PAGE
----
Back in the Saddle

October 17, 2012

Lined up on the shelves of the library where I work are a number of television Westerns from Timeless Media, discs that I haven’t purchased (yet) and that Netflix doesn’t carry.  Recently I got around to taking home a stack of episodes from the first through the third seasons of Wagon Train, where I still have a lot of gaps.

Everything I’ve written about Wagon Train so far has been pretty critical.  I was mixed on the rejuvenated seventh season, which expanded to ninety minutes and went to color, and I also mocked the laziness of some of the episodes immediately preceding that change.  But a random survey of a dozen or so early segments reveals a better, cannier show.  Wagon Train doesn’t rank among the best television Westerns, but it can fill up an oppressive August weekend quite effectively.  What better actor to turn to than Ward Bond, with his grating, unmodulated donkey-bellow, to make himself heard over the full blast of my air conditioner?

Wagon Train started with a premise that was extremely well-designed, as simple and sturdy as a Conestoga.  It had two lead characters, Major Seth Adams (Ward Bond) and Flint McCullough (Robert Horton), each of whom could serve as the center of a story or step into the background whenever the guest star of the week took up most of the screen time.  That was important, because most Wagon Trains introduced a guest character in the very title (“The Joe Schmidlapp Story”), and the show was marketed on the basis of its big-name guest stars.

(This was a promise Wagon Train could deliver upon, initially, because it was produced by MCA, which until 1959 was also the biggest talent agency in town.  It’s doubtful that Shelley Winters or Ernest Borgnine, both at the peak of their film careers in 1957, would have deigned to appear in a television Western – a brand new one, no less – without a little arm-twisting by Lew Wasserman or his dark-suited lieutenants.  After MCA was forced to sell its agency business, Wagon Train’s guest stars became slightly less stellar, although they still comprised the top actors working in television.)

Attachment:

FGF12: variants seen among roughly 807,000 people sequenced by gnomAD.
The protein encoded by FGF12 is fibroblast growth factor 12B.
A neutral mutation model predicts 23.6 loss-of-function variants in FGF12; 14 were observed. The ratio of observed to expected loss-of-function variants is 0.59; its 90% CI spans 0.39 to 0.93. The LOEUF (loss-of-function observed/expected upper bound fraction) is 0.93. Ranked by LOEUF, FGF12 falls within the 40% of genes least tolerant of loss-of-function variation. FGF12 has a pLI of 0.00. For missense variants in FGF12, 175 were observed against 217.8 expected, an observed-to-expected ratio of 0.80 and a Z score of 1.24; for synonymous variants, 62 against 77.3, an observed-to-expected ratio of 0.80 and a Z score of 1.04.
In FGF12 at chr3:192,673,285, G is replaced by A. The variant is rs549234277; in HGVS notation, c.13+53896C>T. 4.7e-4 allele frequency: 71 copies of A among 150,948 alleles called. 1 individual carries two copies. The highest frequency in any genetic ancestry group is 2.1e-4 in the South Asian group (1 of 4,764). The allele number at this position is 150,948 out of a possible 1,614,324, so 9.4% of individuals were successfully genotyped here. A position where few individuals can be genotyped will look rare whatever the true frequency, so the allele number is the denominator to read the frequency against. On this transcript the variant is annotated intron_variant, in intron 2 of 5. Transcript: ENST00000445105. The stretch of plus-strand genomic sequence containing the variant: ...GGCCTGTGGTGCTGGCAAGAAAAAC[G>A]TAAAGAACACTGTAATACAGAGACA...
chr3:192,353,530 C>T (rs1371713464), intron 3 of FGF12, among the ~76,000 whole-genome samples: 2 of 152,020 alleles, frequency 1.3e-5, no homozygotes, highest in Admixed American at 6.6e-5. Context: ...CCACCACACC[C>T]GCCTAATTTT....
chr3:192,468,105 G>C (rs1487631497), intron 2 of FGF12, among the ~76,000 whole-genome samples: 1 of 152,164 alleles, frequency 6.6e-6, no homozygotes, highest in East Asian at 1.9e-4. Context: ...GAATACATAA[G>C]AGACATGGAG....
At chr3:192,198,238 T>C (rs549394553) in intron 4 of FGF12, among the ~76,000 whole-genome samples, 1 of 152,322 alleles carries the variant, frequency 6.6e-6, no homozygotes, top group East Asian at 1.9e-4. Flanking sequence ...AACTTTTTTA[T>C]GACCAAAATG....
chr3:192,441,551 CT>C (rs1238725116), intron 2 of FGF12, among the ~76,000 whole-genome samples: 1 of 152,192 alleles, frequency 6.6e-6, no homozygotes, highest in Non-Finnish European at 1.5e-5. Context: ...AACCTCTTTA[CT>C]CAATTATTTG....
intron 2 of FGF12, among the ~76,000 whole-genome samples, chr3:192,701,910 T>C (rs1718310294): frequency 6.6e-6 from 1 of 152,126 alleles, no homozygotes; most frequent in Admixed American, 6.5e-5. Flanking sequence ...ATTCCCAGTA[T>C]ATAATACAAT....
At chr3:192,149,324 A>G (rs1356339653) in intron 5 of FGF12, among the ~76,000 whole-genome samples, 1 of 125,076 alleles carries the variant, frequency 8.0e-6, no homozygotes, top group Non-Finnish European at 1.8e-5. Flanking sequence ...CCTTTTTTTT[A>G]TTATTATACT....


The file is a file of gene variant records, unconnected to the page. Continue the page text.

Adams and McCullough were modular leading men, versatile moving parts that could be plugged into a variety of different places.  If Adams remained tethered to the train, McCullough, a scout who rode ahead looking for trouble, could roam about and stumble into adventures of almost any sort.  Most dual-lead Westerns had interchangeable characters – the stage drivers of Stagecoach West, the rest stop minders of Laramie – but Wagon Train was conceived from the start to alternate between “home” and “away” stories. 

Think about what a useful blueprint that is, from every point of view.  The writers could tell almost any kind of Western story they could think of, without being constrained by the trail setting or the cumbersome pack of settlers in the train.  The two stars could minimize their screen time and avoid the fatigue that plagued actors who carried a whole show on their backs (although that didn’t spare Ward Bond a fatal heart attack in 1960).  Shooting on multiple episodes could overlap if necessary.  And the audience was treated to a much greater variety of faces and settings than on a typical weekly series.